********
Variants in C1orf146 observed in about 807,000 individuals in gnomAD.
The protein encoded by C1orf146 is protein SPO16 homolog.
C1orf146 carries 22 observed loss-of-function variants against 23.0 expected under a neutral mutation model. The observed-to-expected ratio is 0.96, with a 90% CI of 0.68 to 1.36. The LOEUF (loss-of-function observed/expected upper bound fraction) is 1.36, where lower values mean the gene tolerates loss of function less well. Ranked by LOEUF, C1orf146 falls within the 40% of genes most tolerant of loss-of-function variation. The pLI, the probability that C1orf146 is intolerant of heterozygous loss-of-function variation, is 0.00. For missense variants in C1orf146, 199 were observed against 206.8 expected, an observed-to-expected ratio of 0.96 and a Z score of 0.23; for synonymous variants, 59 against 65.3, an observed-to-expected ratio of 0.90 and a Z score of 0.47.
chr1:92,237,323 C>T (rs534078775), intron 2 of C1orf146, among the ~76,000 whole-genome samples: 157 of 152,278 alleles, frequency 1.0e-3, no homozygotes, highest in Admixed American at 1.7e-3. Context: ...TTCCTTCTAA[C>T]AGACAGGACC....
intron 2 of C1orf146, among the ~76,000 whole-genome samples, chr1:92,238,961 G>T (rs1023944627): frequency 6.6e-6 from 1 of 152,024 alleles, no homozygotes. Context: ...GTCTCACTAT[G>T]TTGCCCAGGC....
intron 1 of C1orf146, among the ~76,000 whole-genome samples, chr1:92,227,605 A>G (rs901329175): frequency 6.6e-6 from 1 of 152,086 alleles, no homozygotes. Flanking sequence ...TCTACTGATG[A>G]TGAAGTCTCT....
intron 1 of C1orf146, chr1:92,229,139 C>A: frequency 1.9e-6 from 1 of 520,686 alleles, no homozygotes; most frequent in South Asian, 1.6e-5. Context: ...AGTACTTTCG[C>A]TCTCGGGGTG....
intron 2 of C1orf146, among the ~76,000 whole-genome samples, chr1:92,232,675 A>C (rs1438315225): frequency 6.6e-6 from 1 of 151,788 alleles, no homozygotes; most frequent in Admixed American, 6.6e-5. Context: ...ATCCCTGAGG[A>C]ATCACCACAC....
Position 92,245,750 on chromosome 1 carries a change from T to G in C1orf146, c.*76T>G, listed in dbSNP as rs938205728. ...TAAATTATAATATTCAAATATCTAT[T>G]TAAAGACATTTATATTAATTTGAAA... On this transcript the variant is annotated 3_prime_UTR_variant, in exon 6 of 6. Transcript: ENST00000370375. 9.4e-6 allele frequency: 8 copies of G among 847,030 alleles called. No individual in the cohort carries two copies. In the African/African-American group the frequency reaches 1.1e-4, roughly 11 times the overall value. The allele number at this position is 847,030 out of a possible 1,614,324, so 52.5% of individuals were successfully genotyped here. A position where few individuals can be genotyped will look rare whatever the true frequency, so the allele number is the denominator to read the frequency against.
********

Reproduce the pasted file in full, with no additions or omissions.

Variants in C1orf146 observed in about 807,000 individuals in gnomAD.
The protein encoded by C1orf146 is protein SPO16 homolog.
C1orf146 carries 22 observed loss-of-function variants against 23.0 expected under a neutral mutation model. The observed-to-expected ratio is 0.96, with a 90% CI of 0.68 to 1.36. The LOEUF (loss-of-function observed/expected upper bound fraction) is 1.36, where lower values mean the gene tolerates loss of function less well. Ranked by LOEUF, C1orf146 falls within the 40% of genes most tolerant of loss-of-function variation. The pLI, the probability that C1orf146 is intolerant of heterozygous loss-of-function variation, is 0.00. For missense variants in C1orf146, 199 were observed against 206.8 expected, an observed-to-expected ratio of 0.96 and a Z score of 0.23; for synonymous variants, 59 against 65.3, an observed-to-expected ratio of 0.90 and a Z score of 0.47.
chr1:92,237,323 C>T (rs534078775), intron 2 of C1orf146, among the ~76,000 whole-genome samples: 157 of 152,278 alleles, frequency 1.0e-3, no homozygotes, highest in Admixed American at 1.7e-3. Context: ...TTCCTTCTAA[C>T]AGACAGGACC....
intron 2 of C1orf146, among the ~76,000 whole-genome samples, chr1:92,238,961 G>T (rs1023944627): frequency 6.6e-6 from 1 of 152,024 alleles, no homozygotes. Context: ...GTCTCACTAT[G>T]TTGCCCAGGC....
intron 1 of C1orf146, among the ~76,000 whole-genome samples, chr1:92,227,605 A>G (rs901329175): frequency 6.6e-6 from 1 of 152,086 alleles, no homozygotes. Flanking sequence ...TCTACTGATG[A>G]TGAAGTCTCT....
intron 1 of C1orf146, chr1:92,229,139 C>A: frequency 1.9e-6 from 1 of 520,686 alleles, no homozygotes; most frequent in South Asian, 1.6e-5. Context: ...AGTACTTTCG[C>A]TCTCGGGGTG....
intron 2 of C1orf146, among the ~76,000 whole-genome samples, chr1:92,232,675 A>C (rs1438315225): frequency 6.6e-6 from 1 of 151,788 alleles, no homozygotes; most frequent in Admixed American, 6.6e-5. Context: ...ATCCCTGAGG[A>C]ATCACCACAC....
Position 92,245,750 on chromosome 1 carries a change from T to G in C1orf146, c.*76T>G, listed in dbSNP as rs938205728. ...TAAATTATAATATTCAAATATCTAT[T>G]TAAAGACATTTATATTAATTTGAAA... On this transcript the variant is annotated 3_prime_UTR_variant, in exon 6 of 6. Transcript: ENST00000370375. 9.4e-6 allele frequency: 8 copies of G among 847,030 alleles called. No individual in the cohort carries two copies. In the African/African-American group the frequency reaches 1.1e-4, roughly 11 times the overall value. The allele number at this position is 847,030 out of a possible 1,614,324, so 52.5% of individuals were successfully genotyped here. A position where few individuals can be genotyped will look rare whatever the true frequency, so the allele number is the denominator to read the frequency against.